My name is Isotta de Zandonati, I am a Master student in “International Relations and Diplomacy” at the University of Padova. In 2020, I graduated in “Political Sciences, International Relations, Human Rights” at the same university. I am Italian and I come from Venice. I decided to study Human Rights and then Diplomacy because my dream job is to be a diplomat. I consider myself an International Law geek and I am excited to make my contribution in shaping our future world. Little by little, I am already trying to do that!
In the past few years, I was involved in many extra-curricular activities and one of them was volunteering. In particular, in the summertime of 2020 I joined the Younicef team of the UNICEF Committee in Padova. The team engages many young volunteers to make the local community a better place for children. A very important aspect of volunteering with Younicef is that volunteers always decide their own participation all together, depending on their commitments. In fact, the organization considers that we all have many things to do, and I really appreciate that. To me, this flexibility made volunteering always enriching and never stressful.
For our Committee it is important to create networks within the civil society. For instance, in September 2020 we had a really interesting event with many other UNICEF Committees of the Veneto Region and “Associazione Amici del Villaggio”, in the presence of many children. Those were really special children, since they were the members of the Regional Council for boys and girls. We worked in groups to debate and share ideas on different issues, such as environmental protection, psychological help, and migration. During our meeting, I moderated a discussion on what the local institutions should do to protect the environment, and afterwards I even had theopportunity to write an article for the Association’s journal focused on environmental protection. It was really exciting for me to discover a new reality of active citizenship. I did not know something like that even existed in the Veneto Region!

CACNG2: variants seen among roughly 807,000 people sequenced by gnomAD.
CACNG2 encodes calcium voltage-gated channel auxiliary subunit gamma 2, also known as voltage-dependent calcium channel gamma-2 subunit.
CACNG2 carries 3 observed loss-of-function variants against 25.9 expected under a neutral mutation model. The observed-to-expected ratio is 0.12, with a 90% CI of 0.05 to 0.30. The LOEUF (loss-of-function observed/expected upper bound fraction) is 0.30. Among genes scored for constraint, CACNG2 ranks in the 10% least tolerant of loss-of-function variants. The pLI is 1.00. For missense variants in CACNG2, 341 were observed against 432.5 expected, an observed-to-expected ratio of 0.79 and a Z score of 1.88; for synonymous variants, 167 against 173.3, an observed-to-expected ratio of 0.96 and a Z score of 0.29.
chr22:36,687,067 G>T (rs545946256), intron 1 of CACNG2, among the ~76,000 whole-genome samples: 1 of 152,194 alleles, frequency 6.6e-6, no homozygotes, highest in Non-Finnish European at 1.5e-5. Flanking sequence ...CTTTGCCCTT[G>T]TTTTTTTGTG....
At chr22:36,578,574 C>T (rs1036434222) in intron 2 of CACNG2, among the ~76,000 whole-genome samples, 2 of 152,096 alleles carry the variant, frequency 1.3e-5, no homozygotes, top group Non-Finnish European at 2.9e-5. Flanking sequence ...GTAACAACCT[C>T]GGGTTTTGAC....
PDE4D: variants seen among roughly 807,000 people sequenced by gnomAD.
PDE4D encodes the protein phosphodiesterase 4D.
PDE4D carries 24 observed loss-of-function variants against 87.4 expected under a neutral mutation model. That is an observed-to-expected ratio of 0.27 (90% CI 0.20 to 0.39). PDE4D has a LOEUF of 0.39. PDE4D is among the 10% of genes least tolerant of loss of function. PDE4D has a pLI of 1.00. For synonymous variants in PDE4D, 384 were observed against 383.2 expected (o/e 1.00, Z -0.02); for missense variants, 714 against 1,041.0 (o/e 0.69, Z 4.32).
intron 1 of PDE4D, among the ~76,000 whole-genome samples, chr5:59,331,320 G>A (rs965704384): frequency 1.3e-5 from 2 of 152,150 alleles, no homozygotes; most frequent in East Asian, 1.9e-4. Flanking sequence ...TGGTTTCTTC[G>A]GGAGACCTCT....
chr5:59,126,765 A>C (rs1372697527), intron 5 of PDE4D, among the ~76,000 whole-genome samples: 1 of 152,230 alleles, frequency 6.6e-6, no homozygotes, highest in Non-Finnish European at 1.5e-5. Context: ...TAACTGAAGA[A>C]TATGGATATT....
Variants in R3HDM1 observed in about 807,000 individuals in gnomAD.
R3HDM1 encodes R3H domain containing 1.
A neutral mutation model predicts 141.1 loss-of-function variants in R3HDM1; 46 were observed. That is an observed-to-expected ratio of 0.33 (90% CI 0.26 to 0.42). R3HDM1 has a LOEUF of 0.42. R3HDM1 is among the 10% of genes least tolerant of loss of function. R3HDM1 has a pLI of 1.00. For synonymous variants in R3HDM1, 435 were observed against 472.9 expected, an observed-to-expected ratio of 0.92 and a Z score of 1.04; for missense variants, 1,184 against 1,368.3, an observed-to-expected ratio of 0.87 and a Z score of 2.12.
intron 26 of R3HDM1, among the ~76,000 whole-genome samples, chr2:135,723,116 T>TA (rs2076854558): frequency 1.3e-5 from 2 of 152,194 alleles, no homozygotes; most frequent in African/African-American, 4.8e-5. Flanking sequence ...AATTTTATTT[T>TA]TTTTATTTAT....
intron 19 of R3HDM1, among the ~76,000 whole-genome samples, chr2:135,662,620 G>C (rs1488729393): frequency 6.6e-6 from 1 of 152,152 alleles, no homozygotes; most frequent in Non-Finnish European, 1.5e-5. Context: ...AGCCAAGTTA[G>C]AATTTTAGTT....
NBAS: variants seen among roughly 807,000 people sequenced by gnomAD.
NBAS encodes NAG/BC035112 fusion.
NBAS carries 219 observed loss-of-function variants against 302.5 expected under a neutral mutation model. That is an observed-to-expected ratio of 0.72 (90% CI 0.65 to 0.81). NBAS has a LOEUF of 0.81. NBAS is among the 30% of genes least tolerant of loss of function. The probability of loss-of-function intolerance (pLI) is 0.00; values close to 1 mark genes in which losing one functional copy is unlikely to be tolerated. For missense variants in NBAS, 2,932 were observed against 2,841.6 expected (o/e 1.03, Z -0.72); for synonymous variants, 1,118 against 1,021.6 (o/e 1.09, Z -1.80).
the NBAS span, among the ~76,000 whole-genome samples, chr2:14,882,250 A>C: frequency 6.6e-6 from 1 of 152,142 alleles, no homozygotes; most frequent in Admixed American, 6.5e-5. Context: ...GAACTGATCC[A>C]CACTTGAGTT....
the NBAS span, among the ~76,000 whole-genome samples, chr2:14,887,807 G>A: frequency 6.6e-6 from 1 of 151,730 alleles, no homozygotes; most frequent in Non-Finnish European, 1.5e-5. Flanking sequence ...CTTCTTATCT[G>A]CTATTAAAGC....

I enjoy volunteering for UNICEF because I make real connections with people of various ages: from children to elderlies. An example is the event we organized in the park “Esperanto” in Padova, during which we played the game “tombola”. Actually, it was a really unusual one! We invented the “tombola of the rights” where we used the articles of the Convention on the Rights of the Child of 1989 as our boards. It was really mind-blowing seeing children’s faces while we read those (simplified) articles: we did not expect them to understand everything. From that experience, I understood how essential it is to talk about Human Rights from a very young age. At the same time, I also made connections with older people. Indeed, in the context of the 75th anniversary of the founding of the organization, UNICEF launched the amazing "Wisdom Project". For that initiative, I asked my grandmothers and a friend to talk about their experiences during the Second World War. Then, I edited some videos out of their statements that were shared in the UNICEF Italy media channels. It was a really touching experience that made me realize how lucky I am.
To conclude, during this incredible volunteering experience I had undertaken many tasks, met with different people, approached various themes, and deepened my knowledge on many issues. Two things surprised me. First, the differentiation of topics the Committee deals with, while always adopting a children’s rights perspective. Second, the organization’s work at the local level. In fact, when I thought about UNICEF, I used to have in mind humanitarian interventions. By volunteering in the local delegation, I discovered that the organization embraces a local approach, meaning that it tends to prefer locals, rather than international staff. For example, I could not leave for humanitarian aid abroad in those we call “developing countries” because locals are the principal protagonists of UNICEF’s actions there. I really like this approach since it values the different realities of our world and it acknowledges locals know best their territory and their people.
Written by Isotta De Zandonati
Edited by Giulia Rosina
Photo courtesy of Isotta De Zandonati
Isotta is a Master student in “International Relations and Diplomacy” at the University of Padova. Her field of interests are Public International Law, Refugee Law, and Environmental Protection. She was also a mentor for the project “Mentorship - Towards an Italian network of inclusive universities”. Follow Isotta on LinkedIn @Isotta De Zandonati and on Instagram @this.is.otta.
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